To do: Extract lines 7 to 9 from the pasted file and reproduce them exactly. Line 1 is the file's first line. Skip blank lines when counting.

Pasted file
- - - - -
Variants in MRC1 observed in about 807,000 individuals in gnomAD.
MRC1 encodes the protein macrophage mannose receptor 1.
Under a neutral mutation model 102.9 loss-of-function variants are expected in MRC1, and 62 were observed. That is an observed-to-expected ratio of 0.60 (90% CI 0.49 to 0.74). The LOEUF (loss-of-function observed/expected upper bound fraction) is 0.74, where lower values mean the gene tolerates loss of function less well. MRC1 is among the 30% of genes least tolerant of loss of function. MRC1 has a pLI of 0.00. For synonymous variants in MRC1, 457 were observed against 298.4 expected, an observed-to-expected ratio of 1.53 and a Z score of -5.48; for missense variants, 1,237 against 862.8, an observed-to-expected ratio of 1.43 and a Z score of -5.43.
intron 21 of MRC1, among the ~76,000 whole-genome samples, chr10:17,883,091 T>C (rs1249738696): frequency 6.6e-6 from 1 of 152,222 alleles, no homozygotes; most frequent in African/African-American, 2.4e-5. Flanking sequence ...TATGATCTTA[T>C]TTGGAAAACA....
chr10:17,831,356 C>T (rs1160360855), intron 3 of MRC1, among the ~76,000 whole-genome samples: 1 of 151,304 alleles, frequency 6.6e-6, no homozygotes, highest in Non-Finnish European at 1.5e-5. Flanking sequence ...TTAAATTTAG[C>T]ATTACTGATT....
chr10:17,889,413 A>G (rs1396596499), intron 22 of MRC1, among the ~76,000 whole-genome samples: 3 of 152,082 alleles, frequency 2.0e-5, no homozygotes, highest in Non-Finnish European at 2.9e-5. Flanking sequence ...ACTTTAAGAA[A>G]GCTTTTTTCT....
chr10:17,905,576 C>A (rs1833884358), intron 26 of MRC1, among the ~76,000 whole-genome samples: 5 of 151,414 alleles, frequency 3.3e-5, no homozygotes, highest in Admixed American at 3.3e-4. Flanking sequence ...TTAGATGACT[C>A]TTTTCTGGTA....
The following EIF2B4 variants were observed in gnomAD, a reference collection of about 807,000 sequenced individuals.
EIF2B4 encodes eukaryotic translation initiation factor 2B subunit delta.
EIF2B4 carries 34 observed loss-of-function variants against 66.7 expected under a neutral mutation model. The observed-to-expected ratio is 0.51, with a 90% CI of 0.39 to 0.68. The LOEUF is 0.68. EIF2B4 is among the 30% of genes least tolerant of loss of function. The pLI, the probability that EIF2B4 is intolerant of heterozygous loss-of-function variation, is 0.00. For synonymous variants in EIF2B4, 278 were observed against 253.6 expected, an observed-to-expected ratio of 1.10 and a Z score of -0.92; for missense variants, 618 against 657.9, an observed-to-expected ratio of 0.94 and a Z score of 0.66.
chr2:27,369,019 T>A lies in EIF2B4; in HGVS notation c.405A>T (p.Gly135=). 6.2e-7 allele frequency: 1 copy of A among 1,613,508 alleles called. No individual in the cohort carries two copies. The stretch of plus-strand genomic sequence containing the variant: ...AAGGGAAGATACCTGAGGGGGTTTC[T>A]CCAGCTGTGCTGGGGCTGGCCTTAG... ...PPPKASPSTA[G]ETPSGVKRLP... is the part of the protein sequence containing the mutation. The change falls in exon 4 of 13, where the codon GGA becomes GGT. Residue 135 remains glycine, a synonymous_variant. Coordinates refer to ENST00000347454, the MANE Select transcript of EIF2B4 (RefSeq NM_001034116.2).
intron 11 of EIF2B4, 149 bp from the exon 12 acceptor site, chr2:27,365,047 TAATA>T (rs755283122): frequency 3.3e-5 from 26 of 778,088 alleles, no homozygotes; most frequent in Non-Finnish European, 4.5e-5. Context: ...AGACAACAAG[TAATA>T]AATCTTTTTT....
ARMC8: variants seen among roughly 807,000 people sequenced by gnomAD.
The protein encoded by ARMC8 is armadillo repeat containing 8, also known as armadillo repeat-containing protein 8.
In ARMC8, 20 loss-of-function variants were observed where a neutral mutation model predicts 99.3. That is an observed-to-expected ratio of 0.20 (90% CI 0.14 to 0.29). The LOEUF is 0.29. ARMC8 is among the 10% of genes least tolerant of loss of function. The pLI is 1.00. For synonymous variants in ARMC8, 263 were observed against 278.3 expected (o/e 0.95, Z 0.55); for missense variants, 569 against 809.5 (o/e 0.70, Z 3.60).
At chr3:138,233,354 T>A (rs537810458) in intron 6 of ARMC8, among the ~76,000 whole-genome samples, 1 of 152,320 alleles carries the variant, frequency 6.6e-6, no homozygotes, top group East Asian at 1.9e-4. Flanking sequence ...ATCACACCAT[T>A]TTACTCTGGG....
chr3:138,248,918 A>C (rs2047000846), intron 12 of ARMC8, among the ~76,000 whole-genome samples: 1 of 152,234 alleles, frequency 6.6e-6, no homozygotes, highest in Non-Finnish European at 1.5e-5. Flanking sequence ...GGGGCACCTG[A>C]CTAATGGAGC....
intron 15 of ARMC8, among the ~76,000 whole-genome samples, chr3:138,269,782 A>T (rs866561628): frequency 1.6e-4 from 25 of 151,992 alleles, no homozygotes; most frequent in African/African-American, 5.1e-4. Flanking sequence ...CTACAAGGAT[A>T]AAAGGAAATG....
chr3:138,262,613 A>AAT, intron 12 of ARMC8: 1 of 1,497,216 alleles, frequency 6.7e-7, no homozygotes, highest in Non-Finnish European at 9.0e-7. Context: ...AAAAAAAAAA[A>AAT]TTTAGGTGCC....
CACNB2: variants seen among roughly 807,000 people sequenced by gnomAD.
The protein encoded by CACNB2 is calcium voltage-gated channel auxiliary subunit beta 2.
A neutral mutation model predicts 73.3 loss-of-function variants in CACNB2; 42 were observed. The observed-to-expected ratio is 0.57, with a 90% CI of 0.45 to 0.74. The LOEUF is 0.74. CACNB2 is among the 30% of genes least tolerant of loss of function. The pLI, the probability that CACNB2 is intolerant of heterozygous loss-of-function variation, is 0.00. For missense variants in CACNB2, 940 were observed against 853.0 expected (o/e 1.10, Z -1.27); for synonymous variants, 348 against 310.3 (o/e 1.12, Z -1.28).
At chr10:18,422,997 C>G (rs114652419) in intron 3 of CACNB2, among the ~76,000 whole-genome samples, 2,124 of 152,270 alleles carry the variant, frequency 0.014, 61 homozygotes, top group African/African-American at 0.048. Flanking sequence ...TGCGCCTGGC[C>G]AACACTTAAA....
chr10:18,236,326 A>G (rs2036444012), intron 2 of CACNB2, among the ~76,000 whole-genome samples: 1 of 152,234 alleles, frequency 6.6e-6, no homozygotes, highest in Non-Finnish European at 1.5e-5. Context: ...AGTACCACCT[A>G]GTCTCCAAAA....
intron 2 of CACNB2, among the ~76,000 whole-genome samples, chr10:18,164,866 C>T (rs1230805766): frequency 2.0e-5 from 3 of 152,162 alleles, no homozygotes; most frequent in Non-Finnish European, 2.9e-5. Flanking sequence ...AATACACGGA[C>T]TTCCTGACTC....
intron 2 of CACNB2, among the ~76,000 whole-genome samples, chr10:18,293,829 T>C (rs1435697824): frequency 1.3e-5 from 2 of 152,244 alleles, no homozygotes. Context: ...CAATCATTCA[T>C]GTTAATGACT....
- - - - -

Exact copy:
chr10:17,905,576 C>A (rs1833884358), intron 26 of MRC1, among the ~76,000 whole-genome samples: 5 of 151,414 alleles, frequency 3.3e-5, no homozygotes, highest in Admixed American at 3.3e-4. Flanking sequence ...TTAGATGACT[C>A]TTTTCTGGTA....
The following EIF2B4 variants were observed in gnomAD, a reference collection of about 807,000 sequenced individuals.
EIF2B4 encodes eukaryotic translation initiation factor 2B subunit delta.